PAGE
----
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3. Temporal Orientation

The temporal point of view abandons "documentary integrity" as the prime or essential element of text, opening a space between "document" and "temporal stage of development" for the idea that the "text of the work" and the "text of the document" might not be the same at any particular moment in the development of the work; the document can thus mis-represent the moment of its inscription. The temporal approach is often less interested in the agent of change than in the cultural moment or stage of development. In the case of classical and medieval works, where the surviving evidence often post-dates composition of the work by decades or centuries, the concepts of "period of origination" or "period of inscription" enters more plausibly than "moment in time"—editors are often keenly aware of anachronisms in scribal copies. And yet for works surviving in an array of authorial or authorized versions a sense of the moment in time could give way to ideas about duration through time, where instead of asking why a change was introduced one could focus on the question why some text was replicated without change? For works represented by compositional and revision materials, the temporal view might locate the work in a developmental path from inception to final or last form of the work either (a) as a series of production endpoints or (b) as a continuous scale of genetic development.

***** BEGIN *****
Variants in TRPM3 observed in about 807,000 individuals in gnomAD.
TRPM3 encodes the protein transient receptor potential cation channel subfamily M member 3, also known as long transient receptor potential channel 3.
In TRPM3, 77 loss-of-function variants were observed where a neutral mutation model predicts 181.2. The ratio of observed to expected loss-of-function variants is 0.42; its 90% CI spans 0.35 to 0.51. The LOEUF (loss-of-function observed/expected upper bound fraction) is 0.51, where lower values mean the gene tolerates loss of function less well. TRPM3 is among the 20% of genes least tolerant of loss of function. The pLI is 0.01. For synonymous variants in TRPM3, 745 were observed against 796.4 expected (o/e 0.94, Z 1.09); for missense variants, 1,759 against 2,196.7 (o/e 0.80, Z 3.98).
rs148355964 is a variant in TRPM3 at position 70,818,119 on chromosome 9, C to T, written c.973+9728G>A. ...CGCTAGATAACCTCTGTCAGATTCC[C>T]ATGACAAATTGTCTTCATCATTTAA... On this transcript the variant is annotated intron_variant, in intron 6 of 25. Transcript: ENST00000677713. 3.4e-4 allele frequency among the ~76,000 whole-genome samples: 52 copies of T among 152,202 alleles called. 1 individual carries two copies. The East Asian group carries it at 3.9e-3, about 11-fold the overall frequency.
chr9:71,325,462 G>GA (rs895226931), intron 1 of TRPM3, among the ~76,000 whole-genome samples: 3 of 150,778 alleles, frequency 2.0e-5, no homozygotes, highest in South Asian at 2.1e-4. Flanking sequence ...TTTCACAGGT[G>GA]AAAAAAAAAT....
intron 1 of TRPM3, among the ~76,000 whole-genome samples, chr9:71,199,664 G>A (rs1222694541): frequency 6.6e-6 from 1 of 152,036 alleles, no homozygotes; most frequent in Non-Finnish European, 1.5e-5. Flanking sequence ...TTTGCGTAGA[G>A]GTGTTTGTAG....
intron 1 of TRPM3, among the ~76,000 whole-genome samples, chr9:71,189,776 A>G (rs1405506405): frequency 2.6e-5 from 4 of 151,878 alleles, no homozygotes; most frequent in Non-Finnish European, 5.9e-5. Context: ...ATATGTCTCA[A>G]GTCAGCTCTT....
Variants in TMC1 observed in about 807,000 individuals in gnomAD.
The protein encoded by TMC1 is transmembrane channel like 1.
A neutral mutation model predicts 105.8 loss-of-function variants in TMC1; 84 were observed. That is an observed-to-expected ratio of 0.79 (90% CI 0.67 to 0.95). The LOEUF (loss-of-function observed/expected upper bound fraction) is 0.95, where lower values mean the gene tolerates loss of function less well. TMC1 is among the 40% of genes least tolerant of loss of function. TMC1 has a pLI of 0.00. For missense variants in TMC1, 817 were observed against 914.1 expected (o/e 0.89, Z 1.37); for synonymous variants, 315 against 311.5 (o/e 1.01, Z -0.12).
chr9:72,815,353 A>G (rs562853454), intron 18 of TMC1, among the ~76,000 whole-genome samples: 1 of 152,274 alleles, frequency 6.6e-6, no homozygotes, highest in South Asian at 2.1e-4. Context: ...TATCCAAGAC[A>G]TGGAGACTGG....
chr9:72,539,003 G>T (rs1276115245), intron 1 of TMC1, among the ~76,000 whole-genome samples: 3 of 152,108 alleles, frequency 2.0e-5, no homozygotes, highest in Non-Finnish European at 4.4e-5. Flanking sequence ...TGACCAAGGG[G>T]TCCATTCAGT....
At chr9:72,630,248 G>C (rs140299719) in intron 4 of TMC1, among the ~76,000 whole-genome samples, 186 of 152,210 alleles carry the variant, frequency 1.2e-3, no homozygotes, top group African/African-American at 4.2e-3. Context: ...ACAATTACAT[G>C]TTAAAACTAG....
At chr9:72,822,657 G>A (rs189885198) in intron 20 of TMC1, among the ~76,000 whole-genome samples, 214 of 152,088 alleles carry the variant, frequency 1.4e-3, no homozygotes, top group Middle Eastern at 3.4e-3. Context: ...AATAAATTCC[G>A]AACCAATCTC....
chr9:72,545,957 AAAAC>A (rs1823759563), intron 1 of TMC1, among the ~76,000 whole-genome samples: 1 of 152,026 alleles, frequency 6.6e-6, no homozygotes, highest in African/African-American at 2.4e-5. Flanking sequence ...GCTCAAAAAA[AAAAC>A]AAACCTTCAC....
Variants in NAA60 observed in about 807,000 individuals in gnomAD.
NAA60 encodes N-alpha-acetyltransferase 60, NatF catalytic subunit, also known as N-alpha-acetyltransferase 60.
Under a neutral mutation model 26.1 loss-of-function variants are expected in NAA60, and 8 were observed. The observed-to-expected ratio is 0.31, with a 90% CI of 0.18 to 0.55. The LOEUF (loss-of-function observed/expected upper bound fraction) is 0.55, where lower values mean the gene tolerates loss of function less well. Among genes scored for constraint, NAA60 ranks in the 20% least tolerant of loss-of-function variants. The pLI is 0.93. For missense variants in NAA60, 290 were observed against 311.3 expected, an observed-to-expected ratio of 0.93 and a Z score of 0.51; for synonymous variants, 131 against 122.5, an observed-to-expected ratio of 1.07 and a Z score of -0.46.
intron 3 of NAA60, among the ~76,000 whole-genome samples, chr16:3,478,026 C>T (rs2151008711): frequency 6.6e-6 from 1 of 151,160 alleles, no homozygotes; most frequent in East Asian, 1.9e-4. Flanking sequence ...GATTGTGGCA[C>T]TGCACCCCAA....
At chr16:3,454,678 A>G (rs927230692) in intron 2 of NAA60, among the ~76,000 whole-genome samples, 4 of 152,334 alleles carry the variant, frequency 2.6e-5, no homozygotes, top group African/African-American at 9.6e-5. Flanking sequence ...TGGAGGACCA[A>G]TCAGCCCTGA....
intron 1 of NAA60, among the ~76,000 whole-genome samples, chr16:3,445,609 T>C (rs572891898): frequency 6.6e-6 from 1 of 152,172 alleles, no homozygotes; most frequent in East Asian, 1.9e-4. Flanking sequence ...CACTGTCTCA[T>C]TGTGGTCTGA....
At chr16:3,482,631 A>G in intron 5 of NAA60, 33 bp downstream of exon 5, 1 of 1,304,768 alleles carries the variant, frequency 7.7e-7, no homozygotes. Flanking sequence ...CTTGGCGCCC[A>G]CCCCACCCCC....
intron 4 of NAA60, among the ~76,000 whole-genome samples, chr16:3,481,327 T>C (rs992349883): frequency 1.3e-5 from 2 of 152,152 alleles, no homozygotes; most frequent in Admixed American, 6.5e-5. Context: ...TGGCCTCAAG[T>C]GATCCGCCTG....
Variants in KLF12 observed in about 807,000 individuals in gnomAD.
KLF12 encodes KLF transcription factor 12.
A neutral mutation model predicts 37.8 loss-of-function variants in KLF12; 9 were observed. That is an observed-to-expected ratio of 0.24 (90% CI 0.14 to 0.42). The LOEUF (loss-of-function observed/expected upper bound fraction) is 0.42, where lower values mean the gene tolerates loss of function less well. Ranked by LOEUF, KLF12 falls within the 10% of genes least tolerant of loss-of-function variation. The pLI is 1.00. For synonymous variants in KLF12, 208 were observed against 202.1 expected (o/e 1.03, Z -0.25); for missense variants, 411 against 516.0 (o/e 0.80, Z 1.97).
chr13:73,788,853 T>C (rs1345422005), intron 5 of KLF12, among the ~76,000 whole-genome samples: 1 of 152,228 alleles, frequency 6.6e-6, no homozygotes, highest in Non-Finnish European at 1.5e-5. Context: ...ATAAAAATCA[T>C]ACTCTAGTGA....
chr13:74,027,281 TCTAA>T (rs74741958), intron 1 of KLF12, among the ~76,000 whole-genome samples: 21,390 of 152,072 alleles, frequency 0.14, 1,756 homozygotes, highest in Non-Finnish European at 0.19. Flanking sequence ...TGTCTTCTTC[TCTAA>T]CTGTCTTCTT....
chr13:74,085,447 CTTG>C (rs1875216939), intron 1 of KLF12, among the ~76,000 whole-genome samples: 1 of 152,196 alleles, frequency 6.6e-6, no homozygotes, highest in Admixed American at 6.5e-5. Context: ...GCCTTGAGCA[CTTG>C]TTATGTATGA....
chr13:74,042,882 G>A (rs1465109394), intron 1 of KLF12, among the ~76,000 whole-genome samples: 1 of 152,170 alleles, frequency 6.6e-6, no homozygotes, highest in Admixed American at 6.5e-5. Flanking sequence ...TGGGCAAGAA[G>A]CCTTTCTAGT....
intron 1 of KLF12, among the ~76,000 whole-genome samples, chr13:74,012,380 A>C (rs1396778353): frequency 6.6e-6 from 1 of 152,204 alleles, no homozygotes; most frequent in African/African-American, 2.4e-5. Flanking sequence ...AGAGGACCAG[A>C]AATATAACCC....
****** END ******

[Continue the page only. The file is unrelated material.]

(a) The productive approach sees the work as a series of static or snapshot efforts to capture the work to be studied synchronically at specified moments in time, usually as fixed, more or less well, in some document.

(b) A diachronic alternative sees the work as a creative development through time always progressively approaching (not necessarily reaching) a final endgame so that stages along the way are just provisional. Since for both of these views the "moment in time" or "sequence of development"—not the document itself—is the central issue, it follows that the record of that temporality, as captured in the document, is potentially faulty and therefore liable to correction or emendation. Here Pietro Beltrami's notion of the "witness text" enters to suggest that for any given time, the nearest document might be flawed.8 Here, too, Tanselle's distinction between the text of the work and the text of the document performs the same


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office.9 The temporal orientation, like the documentary, is depersonalized—does not discriminate primarily among those persons responsible for the text. The primary question is what was the text supposed by its producers to be at some moment in time?


Pietro Beltrami distinguished three orientations: the manuscript orientation, the witness orientation, and the text orientation. He explained that an editor can adhere to the manuscript text, or can fix attention on the moment that is witnessed by a document, or the editor might fix upon some other notion of the work and search through all the surviving texts for evidence of what that "text orientation" would produce eclectically ("Textual Criticism and Historical Dictionaries," Presentation at the ESTS convention in Florence, Italy, Nov. 2010).